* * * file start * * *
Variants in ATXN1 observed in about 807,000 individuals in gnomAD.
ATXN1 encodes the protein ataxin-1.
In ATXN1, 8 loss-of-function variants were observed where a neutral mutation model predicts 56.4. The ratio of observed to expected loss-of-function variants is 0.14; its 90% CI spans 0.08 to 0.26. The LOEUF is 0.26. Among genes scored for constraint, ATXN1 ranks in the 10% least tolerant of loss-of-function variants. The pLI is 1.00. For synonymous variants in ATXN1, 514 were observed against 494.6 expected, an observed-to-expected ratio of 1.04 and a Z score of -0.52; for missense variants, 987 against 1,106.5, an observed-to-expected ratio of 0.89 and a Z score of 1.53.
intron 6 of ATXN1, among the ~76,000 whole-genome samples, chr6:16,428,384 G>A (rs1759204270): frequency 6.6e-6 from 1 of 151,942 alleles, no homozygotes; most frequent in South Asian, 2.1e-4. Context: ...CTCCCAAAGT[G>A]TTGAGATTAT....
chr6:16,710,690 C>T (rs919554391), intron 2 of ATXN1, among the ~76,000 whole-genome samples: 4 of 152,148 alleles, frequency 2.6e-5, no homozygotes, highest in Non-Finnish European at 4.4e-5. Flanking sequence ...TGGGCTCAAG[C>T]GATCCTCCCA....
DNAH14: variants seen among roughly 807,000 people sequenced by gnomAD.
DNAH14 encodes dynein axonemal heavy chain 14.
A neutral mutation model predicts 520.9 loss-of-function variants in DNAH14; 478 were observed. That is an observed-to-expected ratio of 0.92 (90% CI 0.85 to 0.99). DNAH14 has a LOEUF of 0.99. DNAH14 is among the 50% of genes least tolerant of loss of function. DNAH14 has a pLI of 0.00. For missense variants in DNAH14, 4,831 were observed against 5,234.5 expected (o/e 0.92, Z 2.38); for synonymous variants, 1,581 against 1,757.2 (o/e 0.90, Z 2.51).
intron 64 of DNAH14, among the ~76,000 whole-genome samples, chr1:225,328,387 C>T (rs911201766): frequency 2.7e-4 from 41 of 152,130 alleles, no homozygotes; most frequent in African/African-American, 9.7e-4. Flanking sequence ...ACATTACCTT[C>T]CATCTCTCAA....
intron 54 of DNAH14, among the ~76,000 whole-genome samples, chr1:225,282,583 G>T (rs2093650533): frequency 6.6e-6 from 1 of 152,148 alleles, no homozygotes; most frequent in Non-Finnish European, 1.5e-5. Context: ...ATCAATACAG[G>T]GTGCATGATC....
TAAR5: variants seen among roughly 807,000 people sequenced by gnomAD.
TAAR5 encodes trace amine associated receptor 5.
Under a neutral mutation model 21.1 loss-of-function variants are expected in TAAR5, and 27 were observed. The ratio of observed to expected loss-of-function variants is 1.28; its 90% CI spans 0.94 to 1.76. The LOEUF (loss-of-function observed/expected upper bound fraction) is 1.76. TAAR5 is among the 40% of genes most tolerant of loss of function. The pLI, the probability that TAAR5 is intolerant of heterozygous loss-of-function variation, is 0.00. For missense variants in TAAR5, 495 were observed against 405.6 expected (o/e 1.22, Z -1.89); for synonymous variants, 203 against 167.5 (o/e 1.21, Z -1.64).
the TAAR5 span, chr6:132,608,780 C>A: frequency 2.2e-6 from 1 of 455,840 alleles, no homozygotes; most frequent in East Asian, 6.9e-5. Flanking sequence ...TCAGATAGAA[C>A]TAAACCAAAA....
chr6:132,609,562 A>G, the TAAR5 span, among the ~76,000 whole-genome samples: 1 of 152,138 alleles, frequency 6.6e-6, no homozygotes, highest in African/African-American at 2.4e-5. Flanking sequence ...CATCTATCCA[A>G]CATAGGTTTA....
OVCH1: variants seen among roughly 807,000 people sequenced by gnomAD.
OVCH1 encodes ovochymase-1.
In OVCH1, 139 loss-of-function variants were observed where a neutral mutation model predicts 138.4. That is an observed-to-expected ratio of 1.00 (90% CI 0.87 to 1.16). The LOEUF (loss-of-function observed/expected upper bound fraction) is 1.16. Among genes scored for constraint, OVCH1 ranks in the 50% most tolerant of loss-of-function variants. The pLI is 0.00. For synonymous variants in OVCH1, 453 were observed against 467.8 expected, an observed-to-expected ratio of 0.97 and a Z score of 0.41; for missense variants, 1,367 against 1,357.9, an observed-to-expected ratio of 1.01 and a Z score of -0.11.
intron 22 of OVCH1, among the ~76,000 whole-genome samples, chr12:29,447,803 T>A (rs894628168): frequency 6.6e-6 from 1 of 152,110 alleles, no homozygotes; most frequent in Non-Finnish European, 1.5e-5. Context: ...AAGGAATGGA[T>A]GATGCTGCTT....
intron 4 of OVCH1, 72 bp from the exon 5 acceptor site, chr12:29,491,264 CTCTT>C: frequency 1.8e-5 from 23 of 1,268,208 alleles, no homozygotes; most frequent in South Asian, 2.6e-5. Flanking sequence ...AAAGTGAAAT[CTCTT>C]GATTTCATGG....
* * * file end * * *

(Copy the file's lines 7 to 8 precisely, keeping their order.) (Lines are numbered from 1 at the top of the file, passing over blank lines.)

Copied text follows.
DNAH14 encodes dynein axonemal heavy chain 14.
A neutral mutation model predicts 520.9 loss-of-function variants in DNAH14; 478 were observed. That is an observed-to-expected ratio of 0.92 (90% CI 0.85 to 0.99). DNAH14 has a LOEUF of 0.99. DNAH14 is among the 50% of genes least tolerant of loss of function. DNAH14 has a pLI of 0.00. For missense variants in DNAH14, 4,831 were observed against 5,234.5 expected (o/e 0.92, Z 2.38); for synonymous variants, 1,581 against 1,757.2 (o/e 0.90, Z 2.51).